Mapping

Here we can see how the Add function operates. It is run on a shopping cart and it receives a product. Consequently, domain of this function is a Cartesian product of sets of all possible shopping carts and all possible products. On the other hand, range of the function (set to which function maps elements of the domain) is just a set of all possible shopping carts. Mapping is performed so that a shopping cart together with the new product gets mapped to a new instance of the shopping cart, with new product added to whatever it already contained.

In the picture above, you can see that a pair consisting of an empty shopping cart and a laptop maps to a shopping cart which contains a laptop. Similarly, shopping cart which contains a book and a laptop map to a shopping cart containing both a book and a laptop. Note that the last pair indicates that shopping cart containing a laptop and a book map to the same shopping cart as the previous pair.

So much so about mapping objects to new objects. Where is the problem then? The problem comes when certain elements of the domain map to nothing.

Introducing Partial Functions

The next image shows a domain with one additional pair – product in this example is null. You can see the added pair at the bottom of the domain set.

Mapping with null in Domain

This pair from domain doesn’t map to any element in the range set. That is the root cause of all our problems – in order to call mapping a function, it must define mapping for every element of the domain. Not a single element must be missing in the mapping definition.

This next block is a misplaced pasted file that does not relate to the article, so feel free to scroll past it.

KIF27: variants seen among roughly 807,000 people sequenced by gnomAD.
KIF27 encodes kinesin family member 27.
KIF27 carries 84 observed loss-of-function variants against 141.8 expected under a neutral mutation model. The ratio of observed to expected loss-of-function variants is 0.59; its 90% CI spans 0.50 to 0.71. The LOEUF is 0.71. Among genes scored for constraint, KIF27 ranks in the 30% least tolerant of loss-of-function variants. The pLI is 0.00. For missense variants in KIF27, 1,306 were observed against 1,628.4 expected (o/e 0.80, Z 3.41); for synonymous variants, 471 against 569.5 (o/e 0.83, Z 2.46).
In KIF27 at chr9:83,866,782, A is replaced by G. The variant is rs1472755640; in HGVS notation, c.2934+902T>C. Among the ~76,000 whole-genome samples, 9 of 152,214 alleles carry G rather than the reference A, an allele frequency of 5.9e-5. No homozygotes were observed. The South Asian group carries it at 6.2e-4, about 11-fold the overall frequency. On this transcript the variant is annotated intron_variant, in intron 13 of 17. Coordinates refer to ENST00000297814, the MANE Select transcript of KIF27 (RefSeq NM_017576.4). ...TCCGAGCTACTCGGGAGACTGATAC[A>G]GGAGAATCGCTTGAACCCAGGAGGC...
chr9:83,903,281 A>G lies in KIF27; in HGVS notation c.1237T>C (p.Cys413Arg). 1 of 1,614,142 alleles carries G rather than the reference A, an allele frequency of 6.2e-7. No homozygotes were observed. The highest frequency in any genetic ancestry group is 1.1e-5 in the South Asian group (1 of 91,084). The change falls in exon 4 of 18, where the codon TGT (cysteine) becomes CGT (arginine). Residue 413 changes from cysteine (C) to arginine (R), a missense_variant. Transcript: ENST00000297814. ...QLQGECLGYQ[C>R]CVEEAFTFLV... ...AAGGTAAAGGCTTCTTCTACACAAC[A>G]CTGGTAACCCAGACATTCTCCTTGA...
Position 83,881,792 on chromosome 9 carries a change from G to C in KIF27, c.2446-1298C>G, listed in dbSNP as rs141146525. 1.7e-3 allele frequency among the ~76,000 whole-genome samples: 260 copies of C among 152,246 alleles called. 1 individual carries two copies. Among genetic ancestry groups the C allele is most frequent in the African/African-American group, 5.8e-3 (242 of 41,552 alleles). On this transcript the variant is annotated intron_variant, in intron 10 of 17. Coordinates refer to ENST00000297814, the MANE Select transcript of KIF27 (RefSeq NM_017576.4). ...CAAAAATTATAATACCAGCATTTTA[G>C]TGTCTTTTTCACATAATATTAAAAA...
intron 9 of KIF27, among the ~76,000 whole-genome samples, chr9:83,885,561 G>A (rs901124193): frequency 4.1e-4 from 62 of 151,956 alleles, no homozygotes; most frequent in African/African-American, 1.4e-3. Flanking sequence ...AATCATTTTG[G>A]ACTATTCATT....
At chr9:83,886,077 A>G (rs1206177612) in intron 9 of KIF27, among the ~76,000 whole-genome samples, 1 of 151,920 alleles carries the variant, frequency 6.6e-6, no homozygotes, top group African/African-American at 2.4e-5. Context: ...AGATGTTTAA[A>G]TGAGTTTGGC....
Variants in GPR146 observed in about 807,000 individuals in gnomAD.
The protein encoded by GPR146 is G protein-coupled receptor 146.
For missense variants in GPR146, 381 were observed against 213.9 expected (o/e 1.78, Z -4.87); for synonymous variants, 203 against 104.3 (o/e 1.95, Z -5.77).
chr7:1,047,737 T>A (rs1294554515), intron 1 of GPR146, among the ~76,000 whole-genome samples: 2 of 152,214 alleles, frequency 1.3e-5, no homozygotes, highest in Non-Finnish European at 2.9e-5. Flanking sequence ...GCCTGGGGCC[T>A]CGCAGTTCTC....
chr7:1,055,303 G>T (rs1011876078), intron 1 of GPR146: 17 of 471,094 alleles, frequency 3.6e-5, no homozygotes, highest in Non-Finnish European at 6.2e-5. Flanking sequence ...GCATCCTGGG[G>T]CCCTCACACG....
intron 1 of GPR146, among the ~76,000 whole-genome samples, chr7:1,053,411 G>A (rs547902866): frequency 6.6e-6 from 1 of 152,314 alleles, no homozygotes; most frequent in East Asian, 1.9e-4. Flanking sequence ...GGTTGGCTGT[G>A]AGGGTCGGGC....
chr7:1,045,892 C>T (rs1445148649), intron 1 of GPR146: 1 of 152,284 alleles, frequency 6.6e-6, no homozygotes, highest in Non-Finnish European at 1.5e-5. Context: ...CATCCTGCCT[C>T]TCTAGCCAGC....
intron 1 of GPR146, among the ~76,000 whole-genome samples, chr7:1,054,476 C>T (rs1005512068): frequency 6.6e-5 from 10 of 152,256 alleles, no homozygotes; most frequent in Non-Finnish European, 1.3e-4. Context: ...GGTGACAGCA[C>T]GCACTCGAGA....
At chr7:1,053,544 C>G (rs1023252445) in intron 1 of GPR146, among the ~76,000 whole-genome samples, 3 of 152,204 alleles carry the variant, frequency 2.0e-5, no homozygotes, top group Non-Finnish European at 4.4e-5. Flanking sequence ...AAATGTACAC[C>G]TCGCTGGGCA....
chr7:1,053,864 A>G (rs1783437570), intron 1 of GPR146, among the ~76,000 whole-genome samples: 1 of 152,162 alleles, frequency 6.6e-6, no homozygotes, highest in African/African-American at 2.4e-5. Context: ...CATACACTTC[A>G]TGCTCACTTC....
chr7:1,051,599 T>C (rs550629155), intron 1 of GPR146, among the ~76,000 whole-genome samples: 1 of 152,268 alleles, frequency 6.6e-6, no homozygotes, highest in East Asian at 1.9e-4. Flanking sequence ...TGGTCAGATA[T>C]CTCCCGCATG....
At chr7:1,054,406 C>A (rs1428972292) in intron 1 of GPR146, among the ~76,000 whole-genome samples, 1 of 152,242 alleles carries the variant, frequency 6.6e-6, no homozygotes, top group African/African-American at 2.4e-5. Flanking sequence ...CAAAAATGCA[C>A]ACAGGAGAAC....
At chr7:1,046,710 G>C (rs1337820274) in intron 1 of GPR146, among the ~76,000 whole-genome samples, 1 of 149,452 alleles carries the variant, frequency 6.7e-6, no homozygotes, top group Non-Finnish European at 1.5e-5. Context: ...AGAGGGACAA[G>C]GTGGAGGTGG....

To make things worse, we come up with more elements that cannot be mapped. Remember the shopping cart requirement? Some products are not available for sale yet.

Mapping from partial Domain

With this last set diagram we come to precisely identifying the problem. Domain of the function is not the complete Cartesian product of types involved. Some pairs are missing and cannot be mapped to the range.

When function is defined on part of a certain domain, it is called partial. Add method of the shopping cart is partial function because it doesn’t accept some products. Notably, null reference is not part of the method’s domain. And so are all the non-null product objects that claim to not be for sale.